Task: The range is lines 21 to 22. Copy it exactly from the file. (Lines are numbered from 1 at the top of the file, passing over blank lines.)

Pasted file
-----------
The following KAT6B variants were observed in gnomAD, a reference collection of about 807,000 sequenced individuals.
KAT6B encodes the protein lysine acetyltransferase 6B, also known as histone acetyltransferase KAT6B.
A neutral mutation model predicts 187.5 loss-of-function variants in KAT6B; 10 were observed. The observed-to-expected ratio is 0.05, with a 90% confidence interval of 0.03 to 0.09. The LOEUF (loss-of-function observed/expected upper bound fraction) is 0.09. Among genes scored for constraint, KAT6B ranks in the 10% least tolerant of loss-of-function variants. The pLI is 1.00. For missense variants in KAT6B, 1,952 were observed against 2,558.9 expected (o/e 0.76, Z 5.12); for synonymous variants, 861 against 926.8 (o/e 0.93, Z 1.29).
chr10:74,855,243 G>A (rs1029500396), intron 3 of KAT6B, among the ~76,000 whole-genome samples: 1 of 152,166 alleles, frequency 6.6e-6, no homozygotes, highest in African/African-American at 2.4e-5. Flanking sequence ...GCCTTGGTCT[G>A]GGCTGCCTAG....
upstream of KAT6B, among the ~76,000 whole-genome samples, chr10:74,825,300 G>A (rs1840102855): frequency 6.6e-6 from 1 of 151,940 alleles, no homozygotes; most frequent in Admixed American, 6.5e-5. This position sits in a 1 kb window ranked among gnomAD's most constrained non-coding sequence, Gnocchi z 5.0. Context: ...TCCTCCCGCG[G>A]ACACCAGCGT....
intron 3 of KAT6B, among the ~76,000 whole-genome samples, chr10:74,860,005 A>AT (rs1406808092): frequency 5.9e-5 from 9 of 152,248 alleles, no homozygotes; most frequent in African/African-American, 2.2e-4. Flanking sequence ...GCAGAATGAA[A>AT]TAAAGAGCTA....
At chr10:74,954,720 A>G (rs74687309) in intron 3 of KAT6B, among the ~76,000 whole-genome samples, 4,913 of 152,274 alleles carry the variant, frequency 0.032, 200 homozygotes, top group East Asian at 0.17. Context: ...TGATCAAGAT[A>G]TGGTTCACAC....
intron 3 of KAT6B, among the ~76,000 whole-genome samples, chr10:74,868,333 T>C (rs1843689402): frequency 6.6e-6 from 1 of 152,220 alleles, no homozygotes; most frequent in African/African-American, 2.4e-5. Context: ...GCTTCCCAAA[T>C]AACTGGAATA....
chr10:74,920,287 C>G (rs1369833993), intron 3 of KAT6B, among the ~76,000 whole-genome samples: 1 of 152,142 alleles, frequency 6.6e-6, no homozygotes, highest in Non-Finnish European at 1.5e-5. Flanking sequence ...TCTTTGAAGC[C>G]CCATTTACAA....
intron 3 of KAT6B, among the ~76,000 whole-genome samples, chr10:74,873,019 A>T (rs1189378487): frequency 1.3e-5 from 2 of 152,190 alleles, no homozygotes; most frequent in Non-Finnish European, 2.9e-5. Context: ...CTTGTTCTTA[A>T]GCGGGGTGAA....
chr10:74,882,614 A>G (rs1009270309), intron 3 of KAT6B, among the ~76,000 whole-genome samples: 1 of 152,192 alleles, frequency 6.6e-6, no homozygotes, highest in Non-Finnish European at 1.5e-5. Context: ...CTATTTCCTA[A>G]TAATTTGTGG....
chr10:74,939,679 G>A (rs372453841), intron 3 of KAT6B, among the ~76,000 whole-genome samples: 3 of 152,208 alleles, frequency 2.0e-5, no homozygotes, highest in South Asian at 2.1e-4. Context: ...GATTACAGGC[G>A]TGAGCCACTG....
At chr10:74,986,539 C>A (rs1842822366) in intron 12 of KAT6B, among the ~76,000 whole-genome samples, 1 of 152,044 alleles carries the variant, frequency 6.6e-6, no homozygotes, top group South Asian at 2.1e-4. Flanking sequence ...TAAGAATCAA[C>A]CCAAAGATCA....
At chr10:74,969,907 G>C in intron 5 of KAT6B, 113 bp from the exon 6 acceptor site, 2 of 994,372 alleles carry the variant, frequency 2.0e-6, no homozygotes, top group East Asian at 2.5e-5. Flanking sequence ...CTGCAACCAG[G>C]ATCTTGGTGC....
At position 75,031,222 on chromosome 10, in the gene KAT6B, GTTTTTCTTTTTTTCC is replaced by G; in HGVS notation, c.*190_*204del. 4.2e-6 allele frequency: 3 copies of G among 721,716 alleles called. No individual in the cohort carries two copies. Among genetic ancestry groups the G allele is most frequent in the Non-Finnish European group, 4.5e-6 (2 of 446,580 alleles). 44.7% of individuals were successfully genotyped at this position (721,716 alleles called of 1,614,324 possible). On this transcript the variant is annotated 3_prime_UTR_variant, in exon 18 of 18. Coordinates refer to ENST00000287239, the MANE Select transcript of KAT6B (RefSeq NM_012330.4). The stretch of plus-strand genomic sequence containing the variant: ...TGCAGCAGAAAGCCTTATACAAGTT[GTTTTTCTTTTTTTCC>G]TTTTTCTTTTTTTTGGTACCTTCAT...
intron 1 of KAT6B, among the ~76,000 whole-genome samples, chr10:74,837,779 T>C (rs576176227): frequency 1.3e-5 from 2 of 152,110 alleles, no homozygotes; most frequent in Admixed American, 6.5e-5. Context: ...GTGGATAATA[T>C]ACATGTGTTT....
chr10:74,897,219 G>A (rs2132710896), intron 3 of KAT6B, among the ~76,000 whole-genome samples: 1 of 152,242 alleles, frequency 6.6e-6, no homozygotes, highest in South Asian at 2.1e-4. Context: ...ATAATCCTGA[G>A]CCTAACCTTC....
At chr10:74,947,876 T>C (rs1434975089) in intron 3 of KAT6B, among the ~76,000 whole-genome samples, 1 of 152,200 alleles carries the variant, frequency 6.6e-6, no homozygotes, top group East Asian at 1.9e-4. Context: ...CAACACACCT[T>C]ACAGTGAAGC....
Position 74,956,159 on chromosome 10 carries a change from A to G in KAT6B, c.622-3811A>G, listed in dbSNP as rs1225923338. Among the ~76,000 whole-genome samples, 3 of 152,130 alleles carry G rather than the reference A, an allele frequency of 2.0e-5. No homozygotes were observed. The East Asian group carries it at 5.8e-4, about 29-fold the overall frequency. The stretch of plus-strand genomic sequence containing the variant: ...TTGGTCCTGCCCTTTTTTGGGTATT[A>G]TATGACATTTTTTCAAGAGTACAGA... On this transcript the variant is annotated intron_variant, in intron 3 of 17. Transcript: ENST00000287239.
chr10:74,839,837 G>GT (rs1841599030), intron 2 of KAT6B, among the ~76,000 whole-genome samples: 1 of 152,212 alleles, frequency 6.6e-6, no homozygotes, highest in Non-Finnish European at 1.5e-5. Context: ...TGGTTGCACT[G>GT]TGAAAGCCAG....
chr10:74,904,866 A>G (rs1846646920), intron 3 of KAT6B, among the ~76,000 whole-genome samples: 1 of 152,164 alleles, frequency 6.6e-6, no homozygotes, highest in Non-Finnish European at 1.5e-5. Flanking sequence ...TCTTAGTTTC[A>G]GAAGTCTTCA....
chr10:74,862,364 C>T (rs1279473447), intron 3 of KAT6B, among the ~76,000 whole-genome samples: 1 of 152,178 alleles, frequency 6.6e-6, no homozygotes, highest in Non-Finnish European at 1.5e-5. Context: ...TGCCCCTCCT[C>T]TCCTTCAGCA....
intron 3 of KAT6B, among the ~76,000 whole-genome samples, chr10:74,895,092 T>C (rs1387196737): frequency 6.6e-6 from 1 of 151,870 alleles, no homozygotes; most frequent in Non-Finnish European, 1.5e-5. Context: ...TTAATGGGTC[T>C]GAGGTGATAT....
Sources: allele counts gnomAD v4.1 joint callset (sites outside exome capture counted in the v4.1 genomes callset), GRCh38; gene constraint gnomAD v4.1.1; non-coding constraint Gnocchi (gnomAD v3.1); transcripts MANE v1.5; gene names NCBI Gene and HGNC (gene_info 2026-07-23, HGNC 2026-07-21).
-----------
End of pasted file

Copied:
chr10:74,904,866 A>G (rs1846646920), intron 3 of KAT6B, among the ~76,000 whole-genome samples: 1 of 152,164 alleles, frequency 6.6e-6, no homozygotes, highest in Non-Finnish European at 1.5e-5. Flanking sequence ...TCTTAGTTTC[A>G]GAAGTCTTCA....
chr10:74,862,364 C>T (rs1279473447), intron 3 of KAT6B, among the ~76,000 whole-genome samples: 1 of 152,178 alleles, frequency 6.6e-6, no homozygotes, highest in Non-Finnish European at 1.5e-5. Context: ...TGCCCCTCCT[C>T]TCCTTCAGCA....